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Dover disruption

The democratic blow to the ID movement is likely to reverberate in school boards nationwide

Judge John E. Jones III has yet to rule in a lawsuit against Dover, Pa., school board officials who added a statement mentioning Intelligent Design (ID) to their ninth-grade science curriculum. But citizens within the district made their decision on Nov. 8, narrowly voting to replace members of the board with a pro-evolution panel committed to keeping ID out of science classrooms.

The new board members have said they will wait for Judge Jones' decision before removing the ID statement from the curriculum. They have also expressed openness to teaching students about ID in philosophy or social studies classes.

But the democratic blow to the ID movement is likely to reverberate in school boards nationwide. In Dover, outgoing board member David Napierskie proposed revoking the curriculum change and filing a motion to dismiss the lawsuit-perhaps realizing board members had acted outside the will of their constituents. National polls show a small majority of Americans support teaching ID alongside evolution in public schools, but such numbers vary widely from state to state and district to district.

Even as Dover voters delivered a potential chill on future ID advancements from school boards across the country, Pat Robertson sought to deliver a counterbalance. The "700 Club" TV minister warned the citizens of Dover that in case of a "disaster in your area, don't turn to God. You just rejected Him from your city." The remarks drew massive scorn from secular and Christian sources alike, further diminishing the near absent credibility of a man who recently called for the assassination of Venezuelan president Hugo Chavez.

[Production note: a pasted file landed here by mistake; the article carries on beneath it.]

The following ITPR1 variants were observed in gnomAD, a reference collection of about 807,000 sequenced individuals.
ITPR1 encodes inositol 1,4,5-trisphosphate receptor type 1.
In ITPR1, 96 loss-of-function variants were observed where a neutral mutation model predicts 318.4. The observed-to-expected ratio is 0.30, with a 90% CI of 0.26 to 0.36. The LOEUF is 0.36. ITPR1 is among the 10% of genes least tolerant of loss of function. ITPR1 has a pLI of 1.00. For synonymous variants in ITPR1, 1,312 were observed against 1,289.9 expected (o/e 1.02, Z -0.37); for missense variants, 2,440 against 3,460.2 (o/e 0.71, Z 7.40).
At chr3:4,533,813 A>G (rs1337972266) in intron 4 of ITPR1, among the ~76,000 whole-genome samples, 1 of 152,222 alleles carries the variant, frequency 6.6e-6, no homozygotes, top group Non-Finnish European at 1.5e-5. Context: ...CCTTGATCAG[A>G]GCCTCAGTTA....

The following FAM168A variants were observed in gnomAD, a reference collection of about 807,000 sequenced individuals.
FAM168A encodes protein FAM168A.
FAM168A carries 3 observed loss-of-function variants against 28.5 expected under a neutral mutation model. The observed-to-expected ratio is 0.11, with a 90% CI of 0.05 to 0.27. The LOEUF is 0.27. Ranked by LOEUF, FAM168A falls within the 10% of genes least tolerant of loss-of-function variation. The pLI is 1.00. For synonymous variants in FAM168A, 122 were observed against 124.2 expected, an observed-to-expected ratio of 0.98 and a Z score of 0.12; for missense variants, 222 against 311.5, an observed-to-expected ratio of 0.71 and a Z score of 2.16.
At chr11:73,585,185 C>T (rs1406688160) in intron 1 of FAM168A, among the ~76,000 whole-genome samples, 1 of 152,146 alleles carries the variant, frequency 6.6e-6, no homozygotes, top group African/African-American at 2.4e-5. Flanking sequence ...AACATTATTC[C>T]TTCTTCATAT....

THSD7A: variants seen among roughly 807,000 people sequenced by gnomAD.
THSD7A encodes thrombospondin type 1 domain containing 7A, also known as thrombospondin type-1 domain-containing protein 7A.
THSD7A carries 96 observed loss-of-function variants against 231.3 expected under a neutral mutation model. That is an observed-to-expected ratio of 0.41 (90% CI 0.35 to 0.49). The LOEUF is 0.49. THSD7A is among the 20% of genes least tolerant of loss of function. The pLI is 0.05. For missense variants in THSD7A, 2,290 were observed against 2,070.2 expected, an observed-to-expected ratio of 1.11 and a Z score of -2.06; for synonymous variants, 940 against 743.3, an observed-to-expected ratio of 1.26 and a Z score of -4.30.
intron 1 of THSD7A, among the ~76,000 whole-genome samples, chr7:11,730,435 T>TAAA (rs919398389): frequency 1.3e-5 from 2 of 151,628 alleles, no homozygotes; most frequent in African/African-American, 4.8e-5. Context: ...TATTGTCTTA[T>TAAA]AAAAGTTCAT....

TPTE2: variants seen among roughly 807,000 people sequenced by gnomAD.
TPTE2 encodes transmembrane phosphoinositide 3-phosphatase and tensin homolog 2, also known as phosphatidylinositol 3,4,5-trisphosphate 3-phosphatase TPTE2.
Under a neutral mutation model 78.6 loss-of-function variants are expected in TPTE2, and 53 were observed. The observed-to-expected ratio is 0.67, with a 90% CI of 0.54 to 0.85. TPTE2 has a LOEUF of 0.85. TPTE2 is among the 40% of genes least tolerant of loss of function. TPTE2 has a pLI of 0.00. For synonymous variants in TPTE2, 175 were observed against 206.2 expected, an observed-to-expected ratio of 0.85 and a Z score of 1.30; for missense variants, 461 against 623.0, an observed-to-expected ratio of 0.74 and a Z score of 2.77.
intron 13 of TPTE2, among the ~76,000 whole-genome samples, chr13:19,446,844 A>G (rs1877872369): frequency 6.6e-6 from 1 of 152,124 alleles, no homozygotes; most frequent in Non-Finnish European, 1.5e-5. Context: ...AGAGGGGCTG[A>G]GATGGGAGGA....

Neither Mr. Robertson nor Dover voters had any impact on the Kansas State Board of Education, however. On Nov. 8, Kansas adopted a science curriculum that includes well-established challenges to the theory of evolution. The new standards will not propose alternate theories, such as ID, but will refrain from teaching Darwinism as unchallenged fact. School districts will evaluate whether to add alternate theories in 2008.

The Seattle-based Discovery Institute, the intellectual engine behind ID, has praised the Kansas board for its measured approach. Discovery Institute officials did not support the Dover school board's bolder strategy, believing it could ultimately harm perceptions of ID.

The Kansas development is unlikely to draw similar legal action to that in Dover, where litigating parents characterized ID as thinly veiled creationism. Proving that religious motivation is behind a more thorough teaching of evolution would be a far more slippery noodle.

Kansans who support the teaching of Darwinism without challenges are more likely to chase after the lead of Dover voters, pegging the school board as creationists in the court of public opinion. That campaign is underway: "What the board has done is impose its religious beliefs on schoolchildren," University of Kansas Chancellor Robert Hemenway told the Associated Press. But such rhetoric may struggle to gain political traction in a state where polls suggest a majority of people not only support the board's decision, but advocate the next step-teaching ID.